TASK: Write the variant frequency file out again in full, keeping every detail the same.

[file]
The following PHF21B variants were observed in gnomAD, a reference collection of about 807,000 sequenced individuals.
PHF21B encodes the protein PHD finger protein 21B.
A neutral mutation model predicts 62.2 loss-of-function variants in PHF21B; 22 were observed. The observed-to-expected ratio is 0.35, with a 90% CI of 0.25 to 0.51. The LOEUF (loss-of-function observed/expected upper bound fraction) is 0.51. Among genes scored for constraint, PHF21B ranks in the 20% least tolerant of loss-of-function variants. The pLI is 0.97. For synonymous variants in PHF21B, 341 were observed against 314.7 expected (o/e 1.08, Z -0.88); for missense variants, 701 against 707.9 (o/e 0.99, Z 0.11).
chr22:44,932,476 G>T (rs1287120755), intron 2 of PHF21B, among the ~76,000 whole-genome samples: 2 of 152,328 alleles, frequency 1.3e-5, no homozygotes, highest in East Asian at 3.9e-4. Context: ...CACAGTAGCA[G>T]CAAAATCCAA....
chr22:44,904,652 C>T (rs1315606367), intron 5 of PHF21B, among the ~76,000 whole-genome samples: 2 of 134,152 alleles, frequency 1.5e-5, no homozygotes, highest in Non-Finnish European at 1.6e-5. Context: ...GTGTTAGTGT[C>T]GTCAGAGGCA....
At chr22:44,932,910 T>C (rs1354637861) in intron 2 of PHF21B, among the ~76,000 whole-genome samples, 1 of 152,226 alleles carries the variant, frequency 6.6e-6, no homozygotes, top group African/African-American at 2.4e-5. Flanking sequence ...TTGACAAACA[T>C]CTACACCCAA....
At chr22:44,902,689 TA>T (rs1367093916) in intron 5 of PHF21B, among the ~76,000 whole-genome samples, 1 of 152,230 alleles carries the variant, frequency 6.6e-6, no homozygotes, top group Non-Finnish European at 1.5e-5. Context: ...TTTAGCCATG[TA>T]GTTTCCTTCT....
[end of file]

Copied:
The following PHF21B variants were observed in gnomAD, a reference collection of about 807,000 sequenced individuals.
PHF21B encodes the protein PHD finger protein 21B.
A neutral mutation model predicts 62.2 loss-of-function variants in PHF21B; 22 were observed. The observed-to-expected ratio is 0.35, with a 90% CI of 0.25 to 0.51. The LOEUF (loss-of-function observed/expected upper bound fraction) is 0.51. Among genes scored for constraint, PHF21B ranks in the 20% least tolerant of loss-of-function variants. The pLI is 0.97. For synonymous variants in PHF21B, 341 were observed against 314.7 expected (o/e 1.08, Z -0.88); for missense variants, 701 against 707.9 (o/e 0.99, Z 0.11).
chr22:44,932,476 G>T (rs1287120755), intron 2 of PHF21B, among the ~76,000 whole-genome samples: 2 of 152,328 alleles, frequency 1.3e-5, no homozygotes, highest in East Asian at 3.9e-4. Context: ...CACAGTAGCA[G>T]CAAAATCCAA....
chr22:44,904,652 C>T (rs1315606367), intron 5 of PHF21B, among the ~76,000 whole-genome samples: 2 of 134,152 alleles, frequency 1.5e-5, no homozygotes, highest in Non-Finnish European at 1.6e-5. Context: ...GTGTTAGTGT[C>T]GTCAGAGGCA....
At chr22:44,932,910 T>C (rs1354637861) in intron 2 of PHF21B, among the ~76,000 whole-genome samples, 1 of 152,226 alleles carries the variant, frequency 6.6e-6, no homozygotes, top group African/African-American at 2.4e-5. Flanking sequence ...TTGACAAACA[T>C]CTACACCCAA....
At chr22:44,902,689 TA>T (rs1367093916) in intron 5 of PHF21B, among the ~76,000 whole-genome samples, 1 of 152,230 alleles carries the variant, frequency 6.6e-6, no homozygotes, top group Non-Finnish European at 1.5e-5. Context: ...TTTAGCCATG[TA>T]GTTTCCTTCT....